Perhaps the persistence of these set phrases testifies to our love of rhythmic and alliterative couplets. Such characteristics may, in turn, help memory and learning. We need not take Strunk and White’s authoritarian “Omit needless words” too much to heart, nor Orwell’s equally severe “A sentence should contain no unnecessary words”. In The Columbia Guide to Standard American English, Kenneth G. Wilson writes, more generously:
as every preacher and teacher knows, it is often pedagogically sound to “tell ’em first what you’re gonna tell ’em, then tell ’em, and finally tell ’em what you’ve told ’em.” Sometimes repetition – redundancy – is a good way to ensure effectiveness.
Repetition is a key part of oral storytelling traditions, and lives on especially in children’s books. Maybe its rhetorical status suffered as a result of our industrial ideals of efficiency and economy. It can still be used deliberately to emphasise an idea, convey a certain nuance, or achieve some prosodic effect. For example, reducing the tautological “there’s dollars there, dollars and bucks and nuggets in the ground”* to a concise “there’s wealth there” would drain it of colour and life.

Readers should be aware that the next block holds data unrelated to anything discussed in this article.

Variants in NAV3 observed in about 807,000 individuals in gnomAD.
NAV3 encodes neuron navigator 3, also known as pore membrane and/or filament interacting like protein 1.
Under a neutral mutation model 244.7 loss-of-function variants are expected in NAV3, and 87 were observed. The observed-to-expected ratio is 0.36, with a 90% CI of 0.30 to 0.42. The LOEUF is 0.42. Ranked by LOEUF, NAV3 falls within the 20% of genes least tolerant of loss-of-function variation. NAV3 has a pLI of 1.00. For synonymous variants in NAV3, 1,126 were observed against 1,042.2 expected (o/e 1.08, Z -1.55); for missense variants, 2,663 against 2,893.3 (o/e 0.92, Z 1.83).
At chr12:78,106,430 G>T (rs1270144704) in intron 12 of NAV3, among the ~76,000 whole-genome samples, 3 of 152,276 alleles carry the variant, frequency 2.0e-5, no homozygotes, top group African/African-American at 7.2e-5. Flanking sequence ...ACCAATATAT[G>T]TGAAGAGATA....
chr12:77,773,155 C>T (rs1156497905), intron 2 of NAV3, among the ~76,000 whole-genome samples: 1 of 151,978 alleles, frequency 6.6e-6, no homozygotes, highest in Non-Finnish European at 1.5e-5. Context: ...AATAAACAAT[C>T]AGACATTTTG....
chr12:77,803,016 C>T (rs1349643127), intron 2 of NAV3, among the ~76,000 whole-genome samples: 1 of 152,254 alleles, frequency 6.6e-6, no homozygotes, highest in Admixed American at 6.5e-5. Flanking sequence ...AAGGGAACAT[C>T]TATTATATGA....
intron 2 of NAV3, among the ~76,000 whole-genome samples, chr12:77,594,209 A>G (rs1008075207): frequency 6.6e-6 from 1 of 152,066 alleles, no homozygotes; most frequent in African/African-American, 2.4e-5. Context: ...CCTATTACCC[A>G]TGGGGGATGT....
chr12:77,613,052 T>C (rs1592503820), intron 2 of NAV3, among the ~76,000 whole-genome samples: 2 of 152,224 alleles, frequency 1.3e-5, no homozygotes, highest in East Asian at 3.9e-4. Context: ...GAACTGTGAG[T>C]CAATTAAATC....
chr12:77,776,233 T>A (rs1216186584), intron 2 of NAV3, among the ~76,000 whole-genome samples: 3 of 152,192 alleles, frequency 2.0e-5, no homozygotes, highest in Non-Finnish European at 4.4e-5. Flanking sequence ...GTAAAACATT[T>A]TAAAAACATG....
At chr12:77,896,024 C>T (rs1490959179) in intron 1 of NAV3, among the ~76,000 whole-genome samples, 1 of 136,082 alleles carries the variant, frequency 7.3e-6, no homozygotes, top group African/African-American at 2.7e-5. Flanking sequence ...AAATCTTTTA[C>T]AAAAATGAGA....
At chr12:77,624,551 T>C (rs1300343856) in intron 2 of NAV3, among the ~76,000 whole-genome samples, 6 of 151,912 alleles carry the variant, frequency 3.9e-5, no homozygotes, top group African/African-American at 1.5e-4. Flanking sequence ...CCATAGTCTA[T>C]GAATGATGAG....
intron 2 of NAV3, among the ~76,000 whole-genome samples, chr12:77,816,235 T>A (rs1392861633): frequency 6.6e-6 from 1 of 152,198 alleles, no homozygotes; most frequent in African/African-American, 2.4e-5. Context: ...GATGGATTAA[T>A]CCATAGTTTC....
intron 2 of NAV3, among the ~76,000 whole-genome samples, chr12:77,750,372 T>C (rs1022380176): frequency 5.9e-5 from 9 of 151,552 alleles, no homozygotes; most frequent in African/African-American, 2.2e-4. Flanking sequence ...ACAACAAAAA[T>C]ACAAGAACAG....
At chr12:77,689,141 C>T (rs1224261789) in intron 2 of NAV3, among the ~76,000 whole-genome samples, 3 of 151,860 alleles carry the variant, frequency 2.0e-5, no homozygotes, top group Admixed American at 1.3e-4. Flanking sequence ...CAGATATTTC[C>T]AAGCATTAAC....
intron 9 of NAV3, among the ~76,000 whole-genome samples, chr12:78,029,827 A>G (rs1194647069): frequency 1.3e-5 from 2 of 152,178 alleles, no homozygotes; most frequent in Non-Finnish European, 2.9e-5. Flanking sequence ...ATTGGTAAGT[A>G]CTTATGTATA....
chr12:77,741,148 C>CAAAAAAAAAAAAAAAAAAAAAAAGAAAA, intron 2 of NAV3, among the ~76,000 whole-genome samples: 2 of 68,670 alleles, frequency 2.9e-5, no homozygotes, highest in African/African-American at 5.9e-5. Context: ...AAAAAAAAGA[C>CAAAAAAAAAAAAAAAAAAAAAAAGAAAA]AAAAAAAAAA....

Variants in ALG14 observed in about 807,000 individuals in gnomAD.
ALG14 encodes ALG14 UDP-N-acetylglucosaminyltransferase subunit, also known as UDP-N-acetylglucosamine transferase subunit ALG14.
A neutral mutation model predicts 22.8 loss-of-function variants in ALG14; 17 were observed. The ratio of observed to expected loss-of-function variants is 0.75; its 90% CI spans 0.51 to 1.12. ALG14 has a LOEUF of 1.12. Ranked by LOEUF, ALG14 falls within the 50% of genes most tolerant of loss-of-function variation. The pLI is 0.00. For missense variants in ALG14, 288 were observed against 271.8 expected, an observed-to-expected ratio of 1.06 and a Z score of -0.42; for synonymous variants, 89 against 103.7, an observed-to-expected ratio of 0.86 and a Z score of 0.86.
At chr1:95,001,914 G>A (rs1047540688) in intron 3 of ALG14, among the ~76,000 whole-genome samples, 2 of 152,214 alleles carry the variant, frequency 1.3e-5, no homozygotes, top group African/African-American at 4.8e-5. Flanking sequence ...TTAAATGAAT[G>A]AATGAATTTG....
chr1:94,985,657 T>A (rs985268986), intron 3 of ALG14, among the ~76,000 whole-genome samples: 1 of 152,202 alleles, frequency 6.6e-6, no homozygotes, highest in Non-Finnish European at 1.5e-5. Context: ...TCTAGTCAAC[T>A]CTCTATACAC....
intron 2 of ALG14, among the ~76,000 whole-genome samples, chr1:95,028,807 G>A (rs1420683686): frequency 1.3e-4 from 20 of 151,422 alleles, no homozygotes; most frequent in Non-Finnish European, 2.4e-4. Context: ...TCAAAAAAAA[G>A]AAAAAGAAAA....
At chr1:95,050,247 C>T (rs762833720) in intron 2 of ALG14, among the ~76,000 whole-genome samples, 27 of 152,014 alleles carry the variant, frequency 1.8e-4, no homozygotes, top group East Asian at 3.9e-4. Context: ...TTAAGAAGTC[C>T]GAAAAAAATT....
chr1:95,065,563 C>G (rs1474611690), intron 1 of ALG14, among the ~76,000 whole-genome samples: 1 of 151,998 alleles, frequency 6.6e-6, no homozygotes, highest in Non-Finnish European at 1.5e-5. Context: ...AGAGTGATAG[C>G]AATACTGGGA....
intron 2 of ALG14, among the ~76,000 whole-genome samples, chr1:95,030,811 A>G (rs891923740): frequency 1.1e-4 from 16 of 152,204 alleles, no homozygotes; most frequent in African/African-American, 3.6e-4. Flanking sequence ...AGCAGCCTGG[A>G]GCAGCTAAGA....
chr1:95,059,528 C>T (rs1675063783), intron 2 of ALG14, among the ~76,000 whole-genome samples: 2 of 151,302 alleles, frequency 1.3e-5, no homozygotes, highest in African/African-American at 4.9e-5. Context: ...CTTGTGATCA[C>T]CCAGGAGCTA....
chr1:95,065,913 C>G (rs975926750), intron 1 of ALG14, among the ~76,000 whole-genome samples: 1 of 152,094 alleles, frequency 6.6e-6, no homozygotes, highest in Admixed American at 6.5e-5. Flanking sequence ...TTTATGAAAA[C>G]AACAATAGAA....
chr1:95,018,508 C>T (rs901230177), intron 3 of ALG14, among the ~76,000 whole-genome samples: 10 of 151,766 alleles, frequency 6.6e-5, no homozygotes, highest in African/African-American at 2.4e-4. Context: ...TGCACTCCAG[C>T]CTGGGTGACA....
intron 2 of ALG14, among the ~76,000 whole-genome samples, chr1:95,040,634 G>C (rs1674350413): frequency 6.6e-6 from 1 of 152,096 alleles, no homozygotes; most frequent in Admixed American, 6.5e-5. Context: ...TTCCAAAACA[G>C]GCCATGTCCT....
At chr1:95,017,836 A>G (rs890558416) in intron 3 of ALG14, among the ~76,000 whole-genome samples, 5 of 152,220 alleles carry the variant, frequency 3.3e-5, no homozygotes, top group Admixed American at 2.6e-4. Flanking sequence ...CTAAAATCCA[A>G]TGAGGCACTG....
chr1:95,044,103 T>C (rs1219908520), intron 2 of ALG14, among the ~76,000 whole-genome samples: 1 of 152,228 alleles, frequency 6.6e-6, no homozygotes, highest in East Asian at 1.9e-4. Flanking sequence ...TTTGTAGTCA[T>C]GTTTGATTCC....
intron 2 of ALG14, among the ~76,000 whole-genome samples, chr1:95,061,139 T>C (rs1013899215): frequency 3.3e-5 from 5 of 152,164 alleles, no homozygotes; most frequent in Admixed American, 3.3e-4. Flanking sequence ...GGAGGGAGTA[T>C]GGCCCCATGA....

In Irish English, redundancy is an abundant feature. Many people here are incurably fond of roundabout locutions, be it in casual conversation or as a literary device. “Are you going out?” goes the question, to which the reply might be not a curt “No” but a singsong “Well indeed now and I am not.” P. W. Joyce dedicated an entire chapter of English As We Speak It In Ireland to exaggeration and redundancy.
To recap: We can think of redundancy in language in two ways: a technical kind that is essential to language, and a more general kind that can require editing, but doesn’t necessarily. Rather than assume that wordy redundancy should always be eliminated, language users can judge its effect on communication in a given context. Sometimes even in formal writing, there’s no harm in a delay or detour if it makes the message more meaningful or memorable.
Update: Gabe Doyle has written a useful post on the subject, writing: “Adding redundant information is the rational thing to do if you expect the noise levels to be high enough that some information will be lost, and in almost every linguistic situation, that’s the case.”
F. L. Lucas, in his classic work Style, says: